Ford, Volkswagen, BMW and others seek to defend California emissions powers

Riley Beggin
The Detroit News

Washington — Ford Motor Co. and the U.S. branches of Volkswagen AG, BMW AG, Honda Motor Co. and Volvo Cars Ltd. are asking to intervene in a federal lawsuit to defend California's power under the Clean Air Act to set its own stringent emissions standards. 

It marks the re-entry of major automakers into a fight that divided the industry under former President Donald Trump, who revoked California's waiver allowing it to set its own emissions standards, which are generally more stringent than the federal government and have wide-ranging impact on the U.S. auto industry.

Surface street traffic crosses above the U.S. 101 freeway in Los Angeles, where smog has been a longstanding problem.

When President Joe Biden came into office, he directed the administration to reverse the decision and in March, the Environmental Protection Agency restored the waiver.

In mid-May, Republican attorneys general in 17 states challenged that decision in court. Led by Ohio, the suit argued the waiver violates the U.S. Constitution's "equal sovereignty" principle. California and 19 other states also joined the suit defending the waiver powers.

In the motion filed Tuesday, the automakers listed their multi-billion dollar commitments to electrifying their fleets. California's emissions regulations have "helped to maintain a level playing field" as the industry builds lower-emitting technology, they wrote. 

"Now, electrification is the innovation that will eliminate emissions from vehicles while also providing drivers with performance, power, and digital integration that was never possible before," the companies wrote. "Confirming the validity of the Waiver Decision will promote stability and regulatory certainty while the industry goes electric."

Ford General Counsel and Chief Policy Officer Steven Croley and Bob Holycross, the company's vice president for sustainability, environment and safety engineering, reiterated that automakers work on lengthy timelines to ensure vehicles can comply with emission standards. 

"This is the right thing to do for people and for the planet. But it's also important in the industry for its success moving forward," Croley said Tuesday. "This step moves us closer to a zero emissions transportation future. It also creates regulatory stability ... for the industry."

Regulatory stability and predictability have long been central to the debate over whether California should retain its power to set standards. Trump announced his administration would revoke the rule in 2019, arguing that unified national standards would sell more cars and create more jobs.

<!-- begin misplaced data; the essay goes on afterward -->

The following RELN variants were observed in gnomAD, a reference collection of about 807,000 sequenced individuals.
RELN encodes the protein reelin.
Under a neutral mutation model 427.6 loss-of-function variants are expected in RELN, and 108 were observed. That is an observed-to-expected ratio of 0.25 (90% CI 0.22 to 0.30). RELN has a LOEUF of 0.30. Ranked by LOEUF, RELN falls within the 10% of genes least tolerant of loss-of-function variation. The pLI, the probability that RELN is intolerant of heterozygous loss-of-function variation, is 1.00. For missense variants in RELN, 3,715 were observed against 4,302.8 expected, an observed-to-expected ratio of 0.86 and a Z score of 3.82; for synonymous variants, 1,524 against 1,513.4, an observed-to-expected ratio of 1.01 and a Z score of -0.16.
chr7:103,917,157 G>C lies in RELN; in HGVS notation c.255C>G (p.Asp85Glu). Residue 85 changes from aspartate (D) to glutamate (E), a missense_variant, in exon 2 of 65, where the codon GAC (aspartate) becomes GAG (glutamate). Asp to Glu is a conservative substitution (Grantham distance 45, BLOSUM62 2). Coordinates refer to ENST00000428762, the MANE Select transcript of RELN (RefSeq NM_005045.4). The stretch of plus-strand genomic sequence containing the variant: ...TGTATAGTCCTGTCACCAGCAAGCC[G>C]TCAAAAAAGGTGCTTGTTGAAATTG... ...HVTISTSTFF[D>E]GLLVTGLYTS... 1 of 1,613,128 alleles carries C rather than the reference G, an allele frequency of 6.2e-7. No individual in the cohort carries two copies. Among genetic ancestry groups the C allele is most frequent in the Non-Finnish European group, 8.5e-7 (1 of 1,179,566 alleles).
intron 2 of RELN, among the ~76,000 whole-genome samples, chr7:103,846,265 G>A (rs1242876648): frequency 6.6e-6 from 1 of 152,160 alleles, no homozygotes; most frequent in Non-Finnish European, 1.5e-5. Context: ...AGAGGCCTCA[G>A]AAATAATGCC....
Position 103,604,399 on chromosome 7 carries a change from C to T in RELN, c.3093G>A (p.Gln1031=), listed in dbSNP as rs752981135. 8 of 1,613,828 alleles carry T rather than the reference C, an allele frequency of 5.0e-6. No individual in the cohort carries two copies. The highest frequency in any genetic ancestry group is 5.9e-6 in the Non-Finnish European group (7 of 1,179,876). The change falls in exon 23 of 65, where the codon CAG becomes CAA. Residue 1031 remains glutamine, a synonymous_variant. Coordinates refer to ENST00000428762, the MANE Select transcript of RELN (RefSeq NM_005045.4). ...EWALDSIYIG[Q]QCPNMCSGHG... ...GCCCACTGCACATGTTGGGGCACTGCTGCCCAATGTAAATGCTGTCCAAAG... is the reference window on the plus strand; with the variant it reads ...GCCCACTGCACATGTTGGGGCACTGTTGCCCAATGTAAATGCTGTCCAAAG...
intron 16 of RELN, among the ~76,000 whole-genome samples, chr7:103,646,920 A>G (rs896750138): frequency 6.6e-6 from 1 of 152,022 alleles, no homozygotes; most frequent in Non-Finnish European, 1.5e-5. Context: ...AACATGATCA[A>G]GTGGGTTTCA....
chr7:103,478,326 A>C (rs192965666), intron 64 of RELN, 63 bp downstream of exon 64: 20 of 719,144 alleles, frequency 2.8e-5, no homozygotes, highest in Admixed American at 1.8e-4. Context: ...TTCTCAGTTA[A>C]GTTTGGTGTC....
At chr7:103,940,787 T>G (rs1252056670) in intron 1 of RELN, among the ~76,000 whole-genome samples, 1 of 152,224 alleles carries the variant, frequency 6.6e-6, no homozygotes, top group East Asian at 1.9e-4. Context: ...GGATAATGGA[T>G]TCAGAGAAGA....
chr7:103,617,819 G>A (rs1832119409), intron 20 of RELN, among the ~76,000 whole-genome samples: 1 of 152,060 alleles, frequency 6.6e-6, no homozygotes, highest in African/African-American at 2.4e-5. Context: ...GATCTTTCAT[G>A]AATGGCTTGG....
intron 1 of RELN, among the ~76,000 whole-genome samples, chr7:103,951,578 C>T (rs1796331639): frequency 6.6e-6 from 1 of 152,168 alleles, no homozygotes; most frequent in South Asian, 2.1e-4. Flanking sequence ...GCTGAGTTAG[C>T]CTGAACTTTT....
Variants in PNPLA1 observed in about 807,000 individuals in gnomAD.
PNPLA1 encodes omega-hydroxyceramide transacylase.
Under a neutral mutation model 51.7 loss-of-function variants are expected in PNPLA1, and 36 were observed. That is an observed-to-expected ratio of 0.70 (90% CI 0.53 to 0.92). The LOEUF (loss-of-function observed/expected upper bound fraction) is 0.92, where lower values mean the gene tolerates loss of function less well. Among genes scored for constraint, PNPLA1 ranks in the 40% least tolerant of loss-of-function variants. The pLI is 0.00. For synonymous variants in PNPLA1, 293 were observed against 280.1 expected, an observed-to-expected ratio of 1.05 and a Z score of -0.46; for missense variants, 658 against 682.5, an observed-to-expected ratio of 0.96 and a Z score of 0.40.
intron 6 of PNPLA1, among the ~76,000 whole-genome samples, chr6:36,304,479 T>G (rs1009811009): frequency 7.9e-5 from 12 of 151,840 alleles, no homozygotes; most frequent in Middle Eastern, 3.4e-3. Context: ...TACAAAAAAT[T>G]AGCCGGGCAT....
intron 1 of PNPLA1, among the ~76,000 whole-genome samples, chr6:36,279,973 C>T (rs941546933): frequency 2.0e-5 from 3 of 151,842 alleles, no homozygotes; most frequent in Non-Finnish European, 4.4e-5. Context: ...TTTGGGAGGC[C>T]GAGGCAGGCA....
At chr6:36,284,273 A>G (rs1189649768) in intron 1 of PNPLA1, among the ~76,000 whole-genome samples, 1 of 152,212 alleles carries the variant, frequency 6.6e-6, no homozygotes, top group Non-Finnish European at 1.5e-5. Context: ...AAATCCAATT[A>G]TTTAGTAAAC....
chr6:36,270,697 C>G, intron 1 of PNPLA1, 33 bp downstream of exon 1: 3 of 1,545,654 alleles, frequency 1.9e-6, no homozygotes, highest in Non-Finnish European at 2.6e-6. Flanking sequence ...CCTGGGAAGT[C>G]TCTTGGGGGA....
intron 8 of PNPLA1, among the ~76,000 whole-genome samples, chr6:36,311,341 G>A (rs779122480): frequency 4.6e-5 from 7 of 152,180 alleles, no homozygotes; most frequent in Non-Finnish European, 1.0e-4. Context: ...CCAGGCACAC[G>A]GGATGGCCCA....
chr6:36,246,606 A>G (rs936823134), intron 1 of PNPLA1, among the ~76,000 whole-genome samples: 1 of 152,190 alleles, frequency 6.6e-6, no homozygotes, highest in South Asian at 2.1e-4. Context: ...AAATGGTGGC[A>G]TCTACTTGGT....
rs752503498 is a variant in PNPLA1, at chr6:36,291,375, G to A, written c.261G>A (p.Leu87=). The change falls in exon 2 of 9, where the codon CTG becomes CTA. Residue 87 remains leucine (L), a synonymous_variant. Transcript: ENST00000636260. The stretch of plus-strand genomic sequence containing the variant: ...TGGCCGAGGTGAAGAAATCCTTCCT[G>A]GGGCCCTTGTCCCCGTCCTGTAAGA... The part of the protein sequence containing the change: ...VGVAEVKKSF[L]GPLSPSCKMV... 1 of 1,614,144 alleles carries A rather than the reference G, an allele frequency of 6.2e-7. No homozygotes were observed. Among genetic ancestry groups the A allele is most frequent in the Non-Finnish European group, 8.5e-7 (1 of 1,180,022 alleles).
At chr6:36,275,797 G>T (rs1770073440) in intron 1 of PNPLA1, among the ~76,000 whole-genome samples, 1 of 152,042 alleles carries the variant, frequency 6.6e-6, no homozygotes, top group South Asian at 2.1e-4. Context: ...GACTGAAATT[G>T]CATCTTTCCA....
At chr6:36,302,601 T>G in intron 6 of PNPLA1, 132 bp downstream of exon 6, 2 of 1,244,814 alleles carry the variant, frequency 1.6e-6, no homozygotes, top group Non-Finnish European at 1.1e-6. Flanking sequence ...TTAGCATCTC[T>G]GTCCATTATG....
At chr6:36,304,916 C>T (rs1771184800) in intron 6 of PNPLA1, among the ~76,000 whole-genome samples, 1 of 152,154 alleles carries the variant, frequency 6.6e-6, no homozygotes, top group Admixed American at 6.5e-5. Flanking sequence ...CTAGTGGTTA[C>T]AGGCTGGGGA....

It kicked off a legal battle that cleaved the U.S. auto industry into two camps: One siding with an environmental group in a lawsuit challenging Trump's policy, and one siding with the administration. 

California is the most populous state in the U.S. and accounts for around 11% of all new-car sales in the U.S., according to the National Automobile Dealers Association.

It's a large market with a penchant for stricter environmental rules, which more than a dozen states have chosen to follow. That means the state wields immense influence over the U.S. auto industry, which often designs vehicles sold nationwide to fit California standards in an effort to streamline production. 

General Motors Co., Stellantis NV, Toyota Motor Corp. and 10 other automakers supported Trump in changing the rule. GM dropped the lawsuit shortly after Biden was elected in November 2020 as it turned to work with the administration on securing federal funding for the industry's EV transition, and the other automakers followed suit in February 2021. 

The five automakers who sought to intervene in the suit Tuesday committed in 2020 to stick with California's standards.

In January, GM recognized California's authority to set its own vehicle emission standards, but said Tuesday it has not filed a motion to intervene in the lawsuit. Stellantis declined comment, while Toyota did not immediately respond to a request for comment. 

The Alliance for Automotive Innovation, the leading advocacy group representing automakers in the U.S., noted it is not party to the litigation and did not comment further on Tuesday's filing.

California has had the authority to set its own air quality standards since the 1970 Clean Air Act acknowledged southern California's unique problem with smog. Every presidential administration before Trump had granted the state's waiver to set stricter auto emissions standards except former President George W. Bush, according to the Los Angeles Times.

Twitter: @rbeggin